In the Broadway musical, Godspell, there is a simple ballad, “Day By Day,” in which the singer(s) express a desire to be closer to Jesus. Day By Day/YouTube There are three “prayers”– 1) to see thee more clearly; 2) Love thee more dearly, and 3) follow thee more nearly. I have heard various opinions and critiques of the musical, from the use of clown makeup and vaudeville tunes, to the marginal grammar of this song. But I’d like to spend some time digging in to the three simple prayers.
Today, I want to look at (literally) the first prayer– “to see thee more clearly”. There is one prayer, but I think it can be broken down into two parts.
First, I want to SEE God. God is Spirit–an invisible essence– and yet he manifests himself in a million different ways all around us. God is in the inky, endless blackness of a moonless night, and in the vibrant colors of spring blossoms; in the glaring reflection of the sun off the lake, or the gray and palpable mist over the meadow. He is in the wrinkled face of my neighbor, and the exuberant smile of a toddler, and the beauty of a horse running or an eagle soaring. But I can see all of this and more and still not see God. I can focus on the creation and miss the creator. I can focus on the beauty and learn nothing of the artist. I can see the amazing variety of people in the world– skin tones and eye shapes, facial expressions, and body language, dimples and hairstyles and nose-wrinkling, and hand-wringing, and miss the Love of God for each one.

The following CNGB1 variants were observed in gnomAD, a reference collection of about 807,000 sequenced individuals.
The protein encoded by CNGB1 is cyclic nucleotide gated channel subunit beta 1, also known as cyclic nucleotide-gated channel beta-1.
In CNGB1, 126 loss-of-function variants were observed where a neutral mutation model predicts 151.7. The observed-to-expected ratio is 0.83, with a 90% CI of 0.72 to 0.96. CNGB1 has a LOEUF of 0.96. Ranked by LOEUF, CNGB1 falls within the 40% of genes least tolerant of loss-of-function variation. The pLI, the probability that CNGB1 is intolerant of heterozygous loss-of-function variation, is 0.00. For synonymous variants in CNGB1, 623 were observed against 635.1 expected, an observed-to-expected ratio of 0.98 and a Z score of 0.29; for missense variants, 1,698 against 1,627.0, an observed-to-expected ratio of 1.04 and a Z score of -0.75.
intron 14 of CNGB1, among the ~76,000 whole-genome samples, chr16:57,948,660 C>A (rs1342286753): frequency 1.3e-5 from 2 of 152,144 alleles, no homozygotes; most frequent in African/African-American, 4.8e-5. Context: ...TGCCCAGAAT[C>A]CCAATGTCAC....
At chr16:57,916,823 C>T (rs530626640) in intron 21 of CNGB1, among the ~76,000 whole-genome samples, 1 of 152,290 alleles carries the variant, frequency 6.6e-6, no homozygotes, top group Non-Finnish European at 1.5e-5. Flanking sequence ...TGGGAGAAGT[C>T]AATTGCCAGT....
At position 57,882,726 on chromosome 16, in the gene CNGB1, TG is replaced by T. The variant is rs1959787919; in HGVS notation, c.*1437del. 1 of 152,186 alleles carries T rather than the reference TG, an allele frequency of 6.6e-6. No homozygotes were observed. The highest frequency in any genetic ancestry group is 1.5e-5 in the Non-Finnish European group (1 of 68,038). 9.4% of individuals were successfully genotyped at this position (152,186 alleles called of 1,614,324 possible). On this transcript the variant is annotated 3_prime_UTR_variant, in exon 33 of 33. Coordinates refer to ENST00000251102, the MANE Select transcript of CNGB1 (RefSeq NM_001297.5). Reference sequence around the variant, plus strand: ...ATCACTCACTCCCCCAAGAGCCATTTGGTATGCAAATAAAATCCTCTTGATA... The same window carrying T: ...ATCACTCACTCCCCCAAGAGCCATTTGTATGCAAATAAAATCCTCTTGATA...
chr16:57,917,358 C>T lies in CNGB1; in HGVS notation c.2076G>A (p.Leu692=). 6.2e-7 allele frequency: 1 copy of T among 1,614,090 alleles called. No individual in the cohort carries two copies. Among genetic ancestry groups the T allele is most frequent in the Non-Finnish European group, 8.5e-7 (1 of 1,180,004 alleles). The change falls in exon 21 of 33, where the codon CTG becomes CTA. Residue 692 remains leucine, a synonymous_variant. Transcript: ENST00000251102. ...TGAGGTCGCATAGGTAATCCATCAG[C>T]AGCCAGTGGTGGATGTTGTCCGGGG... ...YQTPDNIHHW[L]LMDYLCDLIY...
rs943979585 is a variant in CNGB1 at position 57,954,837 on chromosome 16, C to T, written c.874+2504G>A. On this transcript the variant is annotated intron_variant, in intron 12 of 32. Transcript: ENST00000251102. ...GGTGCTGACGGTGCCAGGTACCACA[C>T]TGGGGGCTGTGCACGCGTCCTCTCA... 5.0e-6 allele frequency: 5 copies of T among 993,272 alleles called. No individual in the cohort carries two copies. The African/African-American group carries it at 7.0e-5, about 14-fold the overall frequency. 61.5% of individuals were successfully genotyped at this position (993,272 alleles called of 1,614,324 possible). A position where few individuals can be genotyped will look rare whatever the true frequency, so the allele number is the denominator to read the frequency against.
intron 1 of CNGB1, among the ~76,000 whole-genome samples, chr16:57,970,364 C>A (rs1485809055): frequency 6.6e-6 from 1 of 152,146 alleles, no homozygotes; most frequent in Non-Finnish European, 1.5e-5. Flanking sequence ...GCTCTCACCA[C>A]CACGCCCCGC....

Sadly, I can sing this prayer, pray for insight, and still miss seeing God. I can trample His creation, dismiss His presence, and hate the people He loves enough to die for; people who bear the stamp of His image.
And I want to see Him “more clearly”–I want to see him as he really is, and not as I imagine him to be. We live in an age of glossy retouched photos of models and celebrities; we “see” their image, without knowing what they truly look like, and without knowing anything about who they really are inside. In many ways, God is only slightly less invisible than the real people around us. How many people do we ignore in a day’s time? How many do we glance at, only to get stuck on a single detail (a hair on their sweater, or something caught in their teeth, or a receding hairline or blotchy face). How many people surprise us by not being like the image they project? I don’t want to see a Photoshop Jesus; a glossy, smiling image of someone who says only what I want to hear, and looks like nothing ever touches him. I want to see the Jesus who wept over the death of his friend; the Jesus who laughed with delight as he talked with children; the Jesus whose eyes were full of compassion even as he was dying on the cross. I want to see the Living Word of God.
Jesus is close– closer than we think. I want to spend today seeing him more clearly.